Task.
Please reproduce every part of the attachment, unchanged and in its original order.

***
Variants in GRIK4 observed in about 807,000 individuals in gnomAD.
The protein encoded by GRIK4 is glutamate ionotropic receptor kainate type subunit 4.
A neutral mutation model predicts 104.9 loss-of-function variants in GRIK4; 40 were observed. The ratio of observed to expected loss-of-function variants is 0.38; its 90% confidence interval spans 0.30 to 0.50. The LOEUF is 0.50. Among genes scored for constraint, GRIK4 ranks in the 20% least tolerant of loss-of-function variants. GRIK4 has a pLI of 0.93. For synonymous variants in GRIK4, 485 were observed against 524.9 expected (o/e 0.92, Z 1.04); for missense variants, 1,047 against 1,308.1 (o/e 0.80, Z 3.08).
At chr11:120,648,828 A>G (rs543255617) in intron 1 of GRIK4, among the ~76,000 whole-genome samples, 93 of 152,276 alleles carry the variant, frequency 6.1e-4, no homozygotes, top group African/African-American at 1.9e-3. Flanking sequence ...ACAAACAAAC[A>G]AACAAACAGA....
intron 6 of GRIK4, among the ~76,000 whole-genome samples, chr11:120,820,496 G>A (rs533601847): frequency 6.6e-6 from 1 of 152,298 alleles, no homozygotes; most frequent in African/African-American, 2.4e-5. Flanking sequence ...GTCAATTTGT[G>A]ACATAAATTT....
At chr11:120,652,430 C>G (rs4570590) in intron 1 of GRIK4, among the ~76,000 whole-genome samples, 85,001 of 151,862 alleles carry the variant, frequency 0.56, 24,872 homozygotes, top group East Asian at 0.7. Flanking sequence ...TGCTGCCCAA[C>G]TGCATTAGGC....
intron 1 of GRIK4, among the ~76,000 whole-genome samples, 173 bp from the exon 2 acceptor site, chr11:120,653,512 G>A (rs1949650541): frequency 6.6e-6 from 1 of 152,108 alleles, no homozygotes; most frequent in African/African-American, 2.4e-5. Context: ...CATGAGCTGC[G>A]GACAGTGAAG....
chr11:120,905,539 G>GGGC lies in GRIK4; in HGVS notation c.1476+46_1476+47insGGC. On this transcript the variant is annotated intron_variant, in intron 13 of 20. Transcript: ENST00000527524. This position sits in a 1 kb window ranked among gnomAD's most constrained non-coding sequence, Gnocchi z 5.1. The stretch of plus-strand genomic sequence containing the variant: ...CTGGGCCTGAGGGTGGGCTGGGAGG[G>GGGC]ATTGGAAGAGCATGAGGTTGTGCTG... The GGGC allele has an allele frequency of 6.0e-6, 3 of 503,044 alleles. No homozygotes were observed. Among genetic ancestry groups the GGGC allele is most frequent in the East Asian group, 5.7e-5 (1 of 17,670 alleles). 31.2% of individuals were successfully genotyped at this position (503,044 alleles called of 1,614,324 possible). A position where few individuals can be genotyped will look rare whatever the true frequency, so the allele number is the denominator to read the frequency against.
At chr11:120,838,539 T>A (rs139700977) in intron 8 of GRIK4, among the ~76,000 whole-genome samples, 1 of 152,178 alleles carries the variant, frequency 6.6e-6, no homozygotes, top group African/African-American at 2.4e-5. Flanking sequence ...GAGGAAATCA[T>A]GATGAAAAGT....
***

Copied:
Variants in GRIK4 observed in about 807,000 individuals in gnomAD.
The protein encoded by GRIK4 is glutamate ionotropic receptor kainate type subunit 4.
A neutral mutation model predicts 104.9 loss-of-function variants in GRIK4; 40 were observed. The ratio of observed to expected loss-of-function variants is 0.38; its 90% confidence interval spans 0.30 to 0.50. The LOEUF is 0.50. Among genes scored for constraint, GRIK4 ranks in the 20% least tolerant of loss-of-function variants. GRIK4 has a pLI of 0.93. For synonymous variants in GRIK4, 485 were observed against 524.9 expected (o/e 0.92, Z 1.04); for missense variants, 1,047 against 1,308.1 (o/e 0.80, Z 3.08).
At chr11:120,648,828 A>G (rs543255617) in intron 1 of GRIK4, among the ~76,000 whole-genome samples, 93 of 152,276 alleles carry the variant, frequency 6.1e-4, no homozygotes, top group African/African-American at 1.9e-3. Flanking sequence ...ACAAACAAAC[A>G]AACAAACAGA....
intron 6 of GRIK4, among the ~76,000 whole-genome samples, chr11:120,820,496 G>A (rs533601847): frequency 6.6e-6 from 1 of 152,298 alleles, no homozygotes; most frequent in African/African-American, 2.4e-5. Flanking sequence ...GTCAATTTGT[G>A]ACATAAATTT....
At chr11:120,652,430 C>G (rs4570590) in intron 1 of GRIK4, among the ~76,000 whole-genome samples, 85,001 of 151,862 alleles carry the variant, frequency 0.56, 24,872 homozygotes, top group East Asian at 0.7. Flanking sequence ...TGCTGCCCAA[C>G]TGCATTAGGC....
intron 1 of GRIK4, among the ~76,000 whole-genome samples, 173 bp from the exon 2 acceptor site, chr11:120,653,512 G>A (rs1949650541): frequency 6.6e-6 from 1 of 152,108 alleles, no homozygotes; most frequent in African/African-American, 2.4e-5. Context: ...CATGAGCTGC[G>A]GACAGTGAAG....
chr11:120,905,539 G>GGGC lies in GRIK4; in HGVS notation c.1476+46_1476+47insGGC. On this transcript the variant is annotated intron_variant, in intron 13 of 20. Transcript: ENST00000527524. This position sits in a 1 kb window ranked among gnomAD's most constrained non-coding sequence, Gnocchi z 5.1. The stretch of plus-strand genomic sequence containing the variant: ...CTGGGCCTGAGGGTGGGCTGGGAGG[G>GGGC]ATTGGAAGAGCATGAGGTTGTGCTG... The GGGC allele has an allele frequency of 6.0e-6, 3 of 503,044 alleles. No homozygotes were observed. Among genetic ancestry groups the GGGC allele is most frequent in the East Asian group, 5.7e-5 (1 of 17,670 alleles). 31.2% of individuals were successfully genotyped at this position (503,044 alleles called of 1,614,324 possible). A position where few individuals can be genotyped will look rare whatever the true frequency, so the allele number is the denominator to read the frequency against.
At chr11:120,838,539 T>A (rs139700977) in intron 8 of GRIK4, among the ~76,000 whole-genome samples, 1 of 152,178 alleles carries the variant, frequency 6.6e-6, no homozygotes, top group African/African-American at 2.4e-5. Flanking sequence ...GAGGAAATCA[T>A]GATGAAAAGT....